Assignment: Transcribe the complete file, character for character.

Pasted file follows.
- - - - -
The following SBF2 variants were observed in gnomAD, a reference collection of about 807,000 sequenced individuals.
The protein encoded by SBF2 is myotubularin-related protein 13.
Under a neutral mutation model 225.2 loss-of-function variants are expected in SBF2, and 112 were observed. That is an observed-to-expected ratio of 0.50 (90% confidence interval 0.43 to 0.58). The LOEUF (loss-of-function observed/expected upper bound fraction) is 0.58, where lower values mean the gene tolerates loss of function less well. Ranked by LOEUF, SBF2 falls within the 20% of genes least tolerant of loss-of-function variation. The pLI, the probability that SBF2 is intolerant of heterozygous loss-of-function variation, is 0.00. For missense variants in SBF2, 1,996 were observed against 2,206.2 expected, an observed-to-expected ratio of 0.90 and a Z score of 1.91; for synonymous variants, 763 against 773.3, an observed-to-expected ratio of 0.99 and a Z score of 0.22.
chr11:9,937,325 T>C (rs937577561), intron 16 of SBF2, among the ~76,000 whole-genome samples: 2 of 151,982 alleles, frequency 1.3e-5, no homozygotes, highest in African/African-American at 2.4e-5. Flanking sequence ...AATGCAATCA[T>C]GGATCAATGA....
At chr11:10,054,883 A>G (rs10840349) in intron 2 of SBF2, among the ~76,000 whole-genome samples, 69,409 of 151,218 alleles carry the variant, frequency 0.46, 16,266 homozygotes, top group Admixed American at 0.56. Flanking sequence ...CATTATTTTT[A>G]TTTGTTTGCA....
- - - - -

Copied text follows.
The following SBF2 variants were observed in gnomAD, a reference collection of about 807,000 sequenced individuals.
The protein encoded by SBF2 is myotubularin-related protein 13.
Under a neutral mutation model 225.2 loss-of-function variants are expected in SBF2, and 112 were observed. That is an observed-to-expected ratio of 0.50 (90% confidence interval 0.43 to 0.58). The LOEUF (loss-of-function observed/expected upper bound fraction) is 0.58, where lower values mean the gene tolerates loss of function less well. Ranked by LOEUF, SBF2 falls within the 20% of genes least tolerant of loss-of-function variation. The pLI, the probability that SBF2 is intolerant of heterozygous loss-of-function variation, is 0.00. For missense variants in SBF2, 1,996 were observed against 2,206.2 expected, an observed-to-expected ratio of 0.90 and a Z score of 1.91; for synonymous variants, 763 against 773.3, an observed-to-expected ratio of 0.99 and a Z score of 0.22.
chr11:9,937,325 T>C (rs937577561), intron 16 of SBF2, among the ~76,000 whole-genome samples: 2 of 151,982 alleles, frequency 1.3e-5, no homozygotes, highest in African/African-American at 2.4e-5. Flanking sequence ...AATGCAATCA[T>C]GGATCAATGA....
At chr11:10,054,883 A>G (rs10840349) in intron 2 of SBF2, among the ~76,000 whole-genome samples, 69,409 of 151,218 alleles carry the variant, frequency 0.46, 16,266 homozygotes, top group Admixed American at 0.56. Flanking sequence ...CATTATTTTT[A>G]TTTGTTTGCA....